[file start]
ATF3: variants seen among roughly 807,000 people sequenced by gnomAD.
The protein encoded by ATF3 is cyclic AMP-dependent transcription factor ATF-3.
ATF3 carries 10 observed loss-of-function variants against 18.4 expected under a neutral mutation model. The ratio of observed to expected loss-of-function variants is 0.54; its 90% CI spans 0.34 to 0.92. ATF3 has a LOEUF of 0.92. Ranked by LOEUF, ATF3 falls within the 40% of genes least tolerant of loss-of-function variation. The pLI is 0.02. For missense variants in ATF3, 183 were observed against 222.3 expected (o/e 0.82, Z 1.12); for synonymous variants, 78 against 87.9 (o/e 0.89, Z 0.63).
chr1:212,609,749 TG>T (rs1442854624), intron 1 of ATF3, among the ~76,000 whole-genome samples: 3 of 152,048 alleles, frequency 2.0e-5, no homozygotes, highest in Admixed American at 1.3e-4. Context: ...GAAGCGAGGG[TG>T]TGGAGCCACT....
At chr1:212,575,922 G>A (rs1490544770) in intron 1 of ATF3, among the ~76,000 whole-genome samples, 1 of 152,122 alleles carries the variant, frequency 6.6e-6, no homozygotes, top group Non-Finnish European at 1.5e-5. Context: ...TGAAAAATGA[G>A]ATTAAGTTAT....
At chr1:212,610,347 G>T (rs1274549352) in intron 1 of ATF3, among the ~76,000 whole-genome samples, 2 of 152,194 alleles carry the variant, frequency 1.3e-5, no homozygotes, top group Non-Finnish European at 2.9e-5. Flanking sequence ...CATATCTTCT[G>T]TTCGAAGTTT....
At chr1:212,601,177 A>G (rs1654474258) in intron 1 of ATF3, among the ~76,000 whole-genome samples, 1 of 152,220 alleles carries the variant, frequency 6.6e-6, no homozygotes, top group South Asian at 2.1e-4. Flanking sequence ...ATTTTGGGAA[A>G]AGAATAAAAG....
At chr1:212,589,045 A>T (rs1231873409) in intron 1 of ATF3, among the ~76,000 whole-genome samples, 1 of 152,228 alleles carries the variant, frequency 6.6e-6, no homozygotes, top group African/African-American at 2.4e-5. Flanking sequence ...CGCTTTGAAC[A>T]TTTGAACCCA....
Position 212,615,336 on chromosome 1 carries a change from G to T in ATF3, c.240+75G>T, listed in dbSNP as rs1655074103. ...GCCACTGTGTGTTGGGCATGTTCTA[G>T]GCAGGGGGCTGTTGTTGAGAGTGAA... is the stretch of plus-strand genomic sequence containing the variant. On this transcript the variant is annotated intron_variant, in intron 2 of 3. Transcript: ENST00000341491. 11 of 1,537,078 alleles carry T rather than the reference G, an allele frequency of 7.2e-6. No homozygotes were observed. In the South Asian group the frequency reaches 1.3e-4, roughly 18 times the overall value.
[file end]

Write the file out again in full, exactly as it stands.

ATF3: variants seen among roughly 807,000 people sequenced by gnomAD.
The protein encoded by ATF3 is cyclic AMP-dependent transcription factor ATF-3.
ATF3 carries 10 observed loss-of-function variants against 18.4 expected under a neutral mutation model. The ratio of observed to expected loss-of-function variants is 0.54; its 90% CI spans 0.34 to 0.92. ATF3 has a LOEUF of 0.92. Ranked by LOEUF, ATF3 falls within the 40% of genes least tolerant of loss-of-function variation. The pLI is 0.02. For missense variants in ATF3, 183 were observed against 222.3 expected (o/e 0.82, Z 1.12); for synonymous variants, 78 against 87.9 (o/e 0.89, Z 0.63).
chr1:212,609,749 TG>T (rs1442854624), intron 1 of ATF3, among the ~76,000 whole-genome samples: 3 of 152,048 alleles, frequency 2.0e-5, no homozygotes, highest in Admixed American at 1.3e-4. Context: ...GAAGCGAGGG[TG>T]TGGAGCCACT....
At chr1:212,575,922 G>A (rs1490544770) in intron 1 of ATF3, among the ~76,000 whole-genome samples, 1 of 152,122 alleles carries the variant, frequency 6.6e-6, no homozygotes, top group Non-Finnish European at 1.5e-5. Context: ...TGAAAAATGA[G>A]ATTAAGTTAT....
At chr1:212,610,347 G>T (rs1274549352) in intron 1 of ATF3, among the ~76,000 whole-genome samples, 2 of 152,194 alleles carry the variant, frequency 1.3e-5, no homozygotes, top group Non-Finnish European at 2.9e-5. Flanking sequence ...CATATCTTCT[G>T]TTCGAAGTTT....
At chr1:212,601,177 A>G (rs1654474258) in intron 1 of ATF3, among the ~76,000 whole-genome samples, 1 of 152,220 alleles carries the variant, frequency 6.6e-6, no homozygotes, top group South Asian at 2.1e-4. Flanking sequence ...ATTTTGGGAA[A>G]AGAATAAAAG....
At chr1:212,589,045 A>T (rs1231873409) in intron 1 of ATF3, among the ~76,000 whole-genome samples, 1 of 152,228 alleles carries the variant, frequency 6.6e-6, no homozygotes, top group African/African-American at 2.4e-5. Flanking sequence ...CGCTTTGAAC[A>T]TTTGAACCCA....
Position 212,615,336 on chromosome 1 carries a change from G to T in ATF3, c.240+75G>T, listed in dbSNP as rs1655074103. ...GCCACTGTGTGTTGGGCATGTTCTA[G>T]GCAGGGGGCTGTTGTTGAGAGTGAA... is the stretch of plus-strand genomic sequence containing the variant. On this transcript the variant is annotated intron_variant, in intron 2 of 3. Transcript: ENST00000341491. 11 of 1,537,078 alleles carry T rather than the reference G, an allele frequency of 7.2e-6. No homozygotes were observed. In the South Asian group the frequency reaches 1.3e-4, roughly 18 times the overall value.